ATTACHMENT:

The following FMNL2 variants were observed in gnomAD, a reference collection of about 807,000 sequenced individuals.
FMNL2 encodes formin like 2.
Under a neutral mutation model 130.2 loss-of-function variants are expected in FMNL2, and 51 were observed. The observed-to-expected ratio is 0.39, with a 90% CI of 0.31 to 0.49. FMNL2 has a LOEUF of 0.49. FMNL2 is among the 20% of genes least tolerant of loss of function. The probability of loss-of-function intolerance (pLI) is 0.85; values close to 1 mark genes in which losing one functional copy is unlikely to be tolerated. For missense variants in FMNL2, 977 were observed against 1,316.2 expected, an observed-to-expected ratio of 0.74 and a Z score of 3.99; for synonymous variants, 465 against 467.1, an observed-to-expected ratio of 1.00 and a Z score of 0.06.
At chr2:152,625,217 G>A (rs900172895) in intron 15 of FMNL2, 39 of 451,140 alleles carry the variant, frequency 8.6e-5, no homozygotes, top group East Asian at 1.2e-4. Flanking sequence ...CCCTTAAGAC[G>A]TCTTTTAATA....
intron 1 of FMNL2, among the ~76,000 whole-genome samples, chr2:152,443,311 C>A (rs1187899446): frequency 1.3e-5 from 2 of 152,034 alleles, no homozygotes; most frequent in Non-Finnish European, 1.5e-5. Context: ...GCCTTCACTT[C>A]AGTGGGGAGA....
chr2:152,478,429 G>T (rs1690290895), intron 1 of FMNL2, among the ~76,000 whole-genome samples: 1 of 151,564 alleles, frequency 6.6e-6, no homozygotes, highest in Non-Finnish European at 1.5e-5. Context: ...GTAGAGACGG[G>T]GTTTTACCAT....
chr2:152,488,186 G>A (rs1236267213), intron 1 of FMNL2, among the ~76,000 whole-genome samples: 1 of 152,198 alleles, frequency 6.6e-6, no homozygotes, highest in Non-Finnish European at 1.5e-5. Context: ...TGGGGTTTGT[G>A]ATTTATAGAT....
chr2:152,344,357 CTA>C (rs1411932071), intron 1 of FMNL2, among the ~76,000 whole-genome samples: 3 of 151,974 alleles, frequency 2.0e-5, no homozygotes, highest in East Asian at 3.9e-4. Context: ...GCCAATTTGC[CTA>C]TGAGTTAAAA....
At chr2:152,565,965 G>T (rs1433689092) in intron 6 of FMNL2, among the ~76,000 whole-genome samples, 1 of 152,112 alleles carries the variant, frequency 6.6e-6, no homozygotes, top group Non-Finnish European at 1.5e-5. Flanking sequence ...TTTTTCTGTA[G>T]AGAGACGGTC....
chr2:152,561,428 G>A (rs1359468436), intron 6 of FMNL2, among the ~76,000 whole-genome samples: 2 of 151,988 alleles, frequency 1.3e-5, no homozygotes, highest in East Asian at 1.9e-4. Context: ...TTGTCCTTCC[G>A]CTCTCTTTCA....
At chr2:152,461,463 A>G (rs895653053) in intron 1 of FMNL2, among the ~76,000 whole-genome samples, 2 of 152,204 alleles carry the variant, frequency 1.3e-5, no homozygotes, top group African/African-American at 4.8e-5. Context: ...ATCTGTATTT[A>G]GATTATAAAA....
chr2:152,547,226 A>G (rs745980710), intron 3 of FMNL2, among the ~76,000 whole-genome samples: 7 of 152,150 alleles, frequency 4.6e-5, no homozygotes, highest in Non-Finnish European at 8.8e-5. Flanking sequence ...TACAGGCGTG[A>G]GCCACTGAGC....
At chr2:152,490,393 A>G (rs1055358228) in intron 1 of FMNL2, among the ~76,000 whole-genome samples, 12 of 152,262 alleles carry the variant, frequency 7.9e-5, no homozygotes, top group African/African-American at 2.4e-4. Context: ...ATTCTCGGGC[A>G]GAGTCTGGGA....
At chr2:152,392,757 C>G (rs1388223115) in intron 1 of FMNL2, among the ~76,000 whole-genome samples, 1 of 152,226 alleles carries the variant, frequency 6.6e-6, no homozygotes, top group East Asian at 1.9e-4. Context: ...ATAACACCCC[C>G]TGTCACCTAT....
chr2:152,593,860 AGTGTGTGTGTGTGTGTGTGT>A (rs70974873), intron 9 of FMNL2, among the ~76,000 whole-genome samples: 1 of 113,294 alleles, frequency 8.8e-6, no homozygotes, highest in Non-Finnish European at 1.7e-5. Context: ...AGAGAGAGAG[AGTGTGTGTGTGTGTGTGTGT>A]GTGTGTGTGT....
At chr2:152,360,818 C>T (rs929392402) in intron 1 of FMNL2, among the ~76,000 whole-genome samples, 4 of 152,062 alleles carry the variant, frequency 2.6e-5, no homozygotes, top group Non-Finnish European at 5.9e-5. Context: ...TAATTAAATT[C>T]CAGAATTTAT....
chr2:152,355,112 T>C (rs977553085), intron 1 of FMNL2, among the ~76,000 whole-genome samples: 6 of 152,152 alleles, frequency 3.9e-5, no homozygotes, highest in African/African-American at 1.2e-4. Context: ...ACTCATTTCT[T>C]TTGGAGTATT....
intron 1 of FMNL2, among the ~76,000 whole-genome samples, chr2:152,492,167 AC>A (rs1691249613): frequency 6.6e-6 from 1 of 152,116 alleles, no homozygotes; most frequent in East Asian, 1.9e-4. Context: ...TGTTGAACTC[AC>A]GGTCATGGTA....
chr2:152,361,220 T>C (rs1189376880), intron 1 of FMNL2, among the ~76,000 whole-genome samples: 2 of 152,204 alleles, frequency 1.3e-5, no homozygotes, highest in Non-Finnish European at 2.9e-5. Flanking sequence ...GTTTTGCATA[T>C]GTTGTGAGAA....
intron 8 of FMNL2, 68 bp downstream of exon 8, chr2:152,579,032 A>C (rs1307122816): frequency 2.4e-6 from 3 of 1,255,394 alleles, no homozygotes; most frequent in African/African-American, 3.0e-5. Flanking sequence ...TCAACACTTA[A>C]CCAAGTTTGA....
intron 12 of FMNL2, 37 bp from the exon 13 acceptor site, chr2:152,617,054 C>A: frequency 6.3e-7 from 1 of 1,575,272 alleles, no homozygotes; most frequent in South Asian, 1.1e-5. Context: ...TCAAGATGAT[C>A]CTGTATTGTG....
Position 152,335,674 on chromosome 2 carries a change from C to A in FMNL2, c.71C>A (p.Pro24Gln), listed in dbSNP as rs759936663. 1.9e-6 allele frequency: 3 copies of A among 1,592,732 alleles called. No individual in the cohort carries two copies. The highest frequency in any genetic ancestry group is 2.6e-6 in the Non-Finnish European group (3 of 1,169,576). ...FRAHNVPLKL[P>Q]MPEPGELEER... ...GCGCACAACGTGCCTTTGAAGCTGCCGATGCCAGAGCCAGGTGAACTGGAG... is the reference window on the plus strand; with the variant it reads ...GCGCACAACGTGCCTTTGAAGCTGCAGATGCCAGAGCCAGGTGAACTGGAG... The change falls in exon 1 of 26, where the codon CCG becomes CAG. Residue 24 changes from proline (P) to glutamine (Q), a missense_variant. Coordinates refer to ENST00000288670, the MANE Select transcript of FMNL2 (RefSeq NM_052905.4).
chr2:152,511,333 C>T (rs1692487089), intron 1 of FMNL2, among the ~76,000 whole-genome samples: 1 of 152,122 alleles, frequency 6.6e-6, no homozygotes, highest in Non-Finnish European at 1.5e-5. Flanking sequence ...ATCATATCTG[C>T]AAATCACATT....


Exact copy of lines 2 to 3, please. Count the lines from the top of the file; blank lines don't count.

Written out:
FMNL2 encodes formin like 2.
Under a neutral mutation model 130.2 loss-of-function variants are expected in FMNL2, and 51 were observed. The observed-to-expected ratio is 0.39, with a 90% CI of 0.31 to 0.49. FMNL2 has a LOEUF of 0.49. FMNL2 is among the 20% of genes least tolerant of loss of function. The probability of loss-of-function intolerance (pLI) is 0.85; values close to 1 mark genes in which losing one functional copy is unlikely to be tolerated. For missense variants in FMNL2, 977 were observed against 1,316.2 expected, an observed-to-expected ratio of 0.74 and a Z score of 3.99; for synonymous variants, 465 against 467.1, an observed-to-expected ratio of 1.00 and a Z score of 0.06.